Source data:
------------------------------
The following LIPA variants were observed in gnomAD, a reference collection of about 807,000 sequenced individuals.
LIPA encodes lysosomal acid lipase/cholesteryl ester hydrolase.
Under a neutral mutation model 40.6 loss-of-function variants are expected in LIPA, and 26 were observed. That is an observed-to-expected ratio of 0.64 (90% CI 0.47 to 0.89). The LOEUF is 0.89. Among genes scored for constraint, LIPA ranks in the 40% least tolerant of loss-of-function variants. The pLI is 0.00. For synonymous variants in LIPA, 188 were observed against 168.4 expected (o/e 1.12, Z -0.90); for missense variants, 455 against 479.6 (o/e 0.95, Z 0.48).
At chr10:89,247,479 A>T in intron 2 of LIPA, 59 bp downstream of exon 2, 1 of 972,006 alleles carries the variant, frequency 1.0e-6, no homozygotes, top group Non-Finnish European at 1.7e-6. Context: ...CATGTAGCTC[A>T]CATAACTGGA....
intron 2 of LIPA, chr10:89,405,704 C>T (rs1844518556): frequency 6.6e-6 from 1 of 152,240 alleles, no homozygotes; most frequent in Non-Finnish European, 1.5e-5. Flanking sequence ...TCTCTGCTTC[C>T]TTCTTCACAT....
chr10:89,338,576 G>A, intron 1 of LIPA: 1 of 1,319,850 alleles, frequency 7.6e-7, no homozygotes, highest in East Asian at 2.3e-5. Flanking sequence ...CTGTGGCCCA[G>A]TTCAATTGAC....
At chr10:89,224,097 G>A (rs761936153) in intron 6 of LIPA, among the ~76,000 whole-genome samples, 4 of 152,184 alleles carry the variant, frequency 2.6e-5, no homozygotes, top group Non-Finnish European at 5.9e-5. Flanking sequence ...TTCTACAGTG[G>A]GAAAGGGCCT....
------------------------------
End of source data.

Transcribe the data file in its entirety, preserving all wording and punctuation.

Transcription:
The following LIPA variants were observed in gnomAD, a reference collection of about 807,000 sequenced individuals.
LIPA encodes lysosomal acid lipase/cholesteryl ester hydrolase.
Under a neutral mutation model 40.6 loss-of-function variants are expected in LIPA, and 26 were observed. That is an observed-to-expected ratio of 0.64 (90% CI 0.47 to 0.89). The LOEUF is 0.89. Among genes scored for constraint, LIPA ranks in the 40% least tolerant of loss-of-function variants. The pLI is 0.00. For synonymous variants in LIPA, 188 were observed against 168.4 expected (o/e 1.12, Z -0.90); for missense variants, 455 against 479.6 (o/e 0.95, Z 0.48).
At chr10:89,247,479 A>T in intron 2 of LIPA, 59 bp downstream of exon 2, 1 of 972,006 alleles carries the variant, frequency 1.0e-6, no homozygotes, top group Non-Finnish European at 1.7e-6. Context: ...CATGTAGCTC[A>T]CATAACTGGA....
intron 2 of LIPA, chr10:89,405,704 C>T (rs1844518556): frequency 6.6e-6 from 1 of 152,240 alleles, no homozygotes; most frequent in Non-Finnish European, 1.5e-5. Flanking sequence ...TCTCTGCTTC[C>T]TTCTTCACAT....
chr10:89,338,576 G>A, intron 1 of LIPA: 1 of 1,319,850 alleles, frequency 7.6e-7, no homozygotes, highest in East Asian at 2.3e-5. Flanking sequence ...CTGTGGCCCA[G>A]TTCAATTGAC....
At chr10:89,224,097 G>A (rs761936153) in intron 6 of LIPA, among the ~76,000 whole-genome samples, 4 of 152,184 alleles carry the variant, frequency 2.6e-5, no homozygotes, top group Non-Finnish European at 5.9e-5. Flanking sequence ...TTCTACAGTG[G>A]GAAAGGGCCT....